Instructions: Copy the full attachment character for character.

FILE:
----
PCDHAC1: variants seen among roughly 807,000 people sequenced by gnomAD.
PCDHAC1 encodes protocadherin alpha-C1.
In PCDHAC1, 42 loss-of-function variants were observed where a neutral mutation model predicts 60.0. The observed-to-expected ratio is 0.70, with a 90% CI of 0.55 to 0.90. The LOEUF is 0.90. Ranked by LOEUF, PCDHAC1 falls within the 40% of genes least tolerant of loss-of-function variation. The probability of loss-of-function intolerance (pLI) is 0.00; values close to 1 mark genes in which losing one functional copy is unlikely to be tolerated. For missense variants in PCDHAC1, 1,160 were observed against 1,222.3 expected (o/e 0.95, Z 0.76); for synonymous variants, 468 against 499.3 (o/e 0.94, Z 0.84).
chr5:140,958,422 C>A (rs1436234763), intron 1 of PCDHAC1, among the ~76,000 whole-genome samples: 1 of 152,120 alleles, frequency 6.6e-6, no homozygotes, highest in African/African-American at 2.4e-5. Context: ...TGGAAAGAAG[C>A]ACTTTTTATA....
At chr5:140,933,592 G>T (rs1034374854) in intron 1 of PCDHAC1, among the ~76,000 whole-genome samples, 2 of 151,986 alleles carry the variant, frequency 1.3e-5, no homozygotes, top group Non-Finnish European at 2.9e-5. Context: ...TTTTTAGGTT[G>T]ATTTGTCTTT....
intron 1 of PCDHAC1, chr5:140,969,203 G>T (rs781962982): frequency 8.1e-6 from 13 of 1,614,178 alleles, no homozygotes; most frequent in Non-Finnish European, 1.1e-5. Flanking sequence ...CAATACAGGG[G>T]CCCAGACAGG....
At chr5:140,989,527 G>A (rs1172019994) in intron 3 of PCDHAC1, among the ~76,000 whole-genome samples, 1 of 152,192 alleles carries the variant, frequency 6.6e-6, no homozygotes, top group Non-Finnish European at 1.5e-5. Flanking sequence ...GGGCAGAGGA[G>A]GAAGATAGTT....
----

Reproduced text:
PCDHAC1: variants seen among roughly 807,000 people sequenced by gnomAD.
PCDHAC1 encodes protocadherin alpha-C1.
In PCDHAC1, 42 loss-of-function variants were observed where a neutral mutation model predicts 60.0. The observed-to-expected ratio is 0.70, with a 90% CI of 0.55 to 0.90. The LOEUF is 0.90. Ranked by LOEUF, PCDHAC1 falls within the 40% of genes least tolerant of loss-of-function variation. The probability of loss-of-function intolerance (pLI) is 0.00; values close to 1 mark genes in which losing one functional copy is unlikely to be tolerated. For missense variants in PCDHAC1, 1,160 were observed against 1,222.3 expected (o/e 0.95, Z 0.76); for synonymous variants, 468 against 499.3 (o/e 0.94, Z 0.84).
chr5:140,958,422 C>A (rs1436234763), intron 1 of PCDHAC1, among the ~76,000 whole-genome samples: 1 of 152,120 alleles, frequency 6.6e-6, no homozygotes, highest in African/African-American at 2.4e-5. Context: ...TGGAAAGAAG[C>A]ACTTTTTATA....
At chr5:140,933,592 G>T (rs1034374854) in intron 1 of PCDHAC1, among the ~76,000 whole-genome samples, 2 of 151,986 alleles carry the variant, frequency 1.3e-5, no homozygotes, top group Non-Finnish European at 2.9e-5. Context: ...TTTTTAGGTT[G>T]ATTTGTCTTT....
intron 1 of PCDHAC1, chr5:140,969,203 G>T (rs781962982): frequency 8.1e-6 from 13 of 1,614,178 alleles, no homozygotes; most frequent in Non-Finnish European, 1.1e-5. Flanking sequence ...CAATACAGGG[G>T]CCCAGACAGG....
At chr5:140,989,527 G>A (rs1172019994) in intron 3 of PCDHAC1, among the ~76,000 whole-genome samples, 1 of 152,192 alleles carries the variant, frequency 6.6e-6, no homozygotes, top group Non-Finnish European at 1.5e-5. Flanking sequence ...GGGCAGAGGA[G>A]GAAGATAGTT....